Our co-op community
By Lamai Cox
This article was originally published in March 2020
PCC has strong Pacific Northwest roots. We have been giving to our community for decades—supporting neighborhoods, ensuring a sustainable and accessible food system and protecting the environment. Read on to learn about some of the latest projects we’ve assisted and connect with us online so we can support your efforts to build a more healthy and sustainable community.
Studying microplastics, supporting food access
Four times a year, PCC provides grants of up to $4,000 to two organizations engaging in environmental stewardship and social action. This quarter we are delighted to support one agency supporting healthy food access for high school students and another studying microplastics in seafood.
ENVIRONMENTAL STEWARDSHIP GRANT FOR STUDYING MICROPLASTICS
At the Seattle Aquarium, a close look at the seafood eaten by otters is providing valuable data on the threats posed by microplastics.
Microplastics, tiny plastic fragments, have become a prevalent source of pollution in our environment, including ocean and freshwater ecosystems. Both sea and river otters are valuable indicators of ecosystem health and consume prey that have been shown to contain microplastics, with a diet including clams, mussels, crabs and scallops. Because the aquarium tracks the food fed to each otter—and the level of microplastics in each item—it can then analyze scat from each animal to see how much of the plastic moves through the otter’s body and how much is retained. Gathering this data will provide badly needed information about how microplastics are transferred to mammals through diet, a critical first step to understanding what it means for humans as well as other animals.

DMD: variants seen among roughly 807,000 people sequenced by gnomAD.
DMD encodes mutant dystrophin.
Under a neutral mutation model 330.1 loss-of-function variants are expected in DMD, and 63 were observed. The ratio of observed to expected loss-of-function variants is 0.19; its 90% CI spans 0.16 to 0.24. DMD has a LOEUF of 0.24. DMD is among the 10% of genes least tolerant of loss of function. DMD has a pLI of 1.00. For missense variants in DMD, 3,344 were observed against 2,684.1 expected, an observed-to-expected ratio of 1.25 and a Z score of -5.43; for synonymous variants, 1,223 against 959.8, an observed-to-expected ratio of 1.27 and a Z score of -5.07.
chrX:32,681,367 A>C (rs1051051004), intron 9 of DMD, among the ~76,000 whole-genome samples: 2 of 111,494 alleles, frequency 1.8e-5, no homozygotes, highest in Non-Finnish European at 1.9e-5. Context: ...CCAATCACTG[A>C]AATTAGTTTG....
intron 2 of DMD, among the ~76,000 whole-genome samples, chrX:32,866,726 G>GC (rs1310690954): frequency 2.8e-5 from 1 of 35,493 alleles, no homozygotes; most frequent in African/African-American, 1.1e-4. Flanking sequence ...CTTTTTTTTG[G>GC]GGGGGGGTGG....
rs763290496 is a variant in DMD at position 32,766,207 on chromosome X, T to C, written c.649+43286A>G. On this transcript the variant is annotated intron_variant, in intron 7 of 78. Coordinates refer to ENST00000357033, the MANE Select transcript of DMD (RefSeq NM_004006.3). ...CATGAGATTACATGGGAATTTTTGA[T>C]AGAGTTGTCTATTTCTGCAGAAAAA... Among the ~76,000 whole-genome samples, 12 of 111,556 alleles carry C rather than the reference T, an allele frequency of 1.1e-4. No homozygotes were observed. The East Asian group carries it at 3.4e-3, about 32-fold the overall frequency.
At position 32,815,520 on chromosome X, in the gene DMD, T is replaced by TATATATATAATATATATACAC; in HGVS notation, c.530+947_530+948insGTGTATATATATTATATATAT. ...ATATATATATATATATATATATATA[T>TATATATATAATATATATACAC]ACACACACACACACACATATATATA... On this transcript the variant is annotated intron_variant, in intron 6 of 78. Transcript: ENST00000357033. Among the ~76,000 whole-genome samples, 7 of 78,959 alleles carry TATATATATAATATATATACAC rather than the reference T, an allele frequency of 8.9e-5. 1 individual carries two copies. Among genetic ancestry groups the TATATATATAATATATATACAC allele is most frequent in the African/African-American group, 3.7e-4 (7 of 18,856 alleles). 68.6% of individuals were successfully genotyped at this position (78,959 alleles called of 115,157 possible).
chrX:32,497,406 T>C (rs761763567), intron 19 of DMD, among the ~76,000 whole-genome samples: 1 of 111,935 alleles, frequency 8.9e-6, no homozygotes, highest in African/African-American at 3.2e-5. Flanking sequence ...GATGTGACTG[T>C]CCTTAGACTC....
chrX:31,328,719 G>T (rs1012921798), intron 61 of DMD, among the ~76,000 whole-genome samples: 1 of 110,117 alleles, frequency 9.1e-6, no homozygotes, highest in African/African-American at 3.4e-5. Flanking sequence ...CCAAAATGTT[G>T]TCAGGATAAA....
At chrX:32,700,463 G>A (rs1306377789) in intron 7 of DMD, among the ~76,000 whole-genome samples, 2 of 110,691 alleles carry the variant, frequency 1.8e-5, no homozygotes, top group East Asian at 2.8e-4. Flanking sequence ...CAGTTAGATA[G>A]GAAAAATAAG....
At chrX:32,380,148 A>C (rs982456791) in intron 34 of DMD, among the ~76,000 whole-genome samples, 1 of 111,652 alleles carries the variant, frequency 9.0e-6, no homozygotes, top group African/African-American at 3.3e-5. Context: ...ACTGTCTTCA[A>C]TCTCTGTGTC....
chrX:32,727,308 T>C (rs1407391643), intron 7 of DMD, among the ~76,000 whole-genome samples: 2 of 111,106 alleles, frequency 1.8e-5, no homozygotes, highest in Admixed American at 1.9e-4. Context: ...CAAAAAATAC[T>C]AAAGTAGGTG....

PCC’s grant will allow a visiting scholar to return to the aquarium for a second year to continue this research.
SOCIAL ACTION GRANT FOR YOUTH-LED DINNERS
At a series of weekly dinners in South Seattle and South King County, high school students lead their peers (and adults!) in building a menu from scratch and then cooking the food together in teams. The program, organized by the Food Empowerment Education & Sustainability Team (FEEST), exposes students to delicious, healthy foods and transfers knowledge, skills and an appreciation for cooking. In an environment too often dominated by cheap calories overproduced by our modern agricultural system, FEEST strives to improve the quality of school food, encouraging healthy, fresh and culturally relevant meals. Knowing that children need adequate nutrition in order to learn, it’s aimed at empowering students to cook with what they have at hand in home kitchens and neighborhood groceries rather than relying on unhealthy but low-cost junk foods.
FEEST currently hosts 45 school dinners each year, engaging more than 350 attendees. Organizers have seen students develop changed attitudes and behaviors toward healthy meals, including resolutions to give up fast food. The organization sets the table for young people to become leaders who educate their peers and families about healthy eating, while advocating for systems and policy changes that increase access to healthy food and promote community health.
The program operates at Rainier Beach High School and Chief Sealth High School in Seattle, Evergreen High School in White Center, and Tyee High School in SeaTac.
PCC’s grant will cover more than 60% of food costs for the program year.
Lamai Cox is PCC’s community relations manager.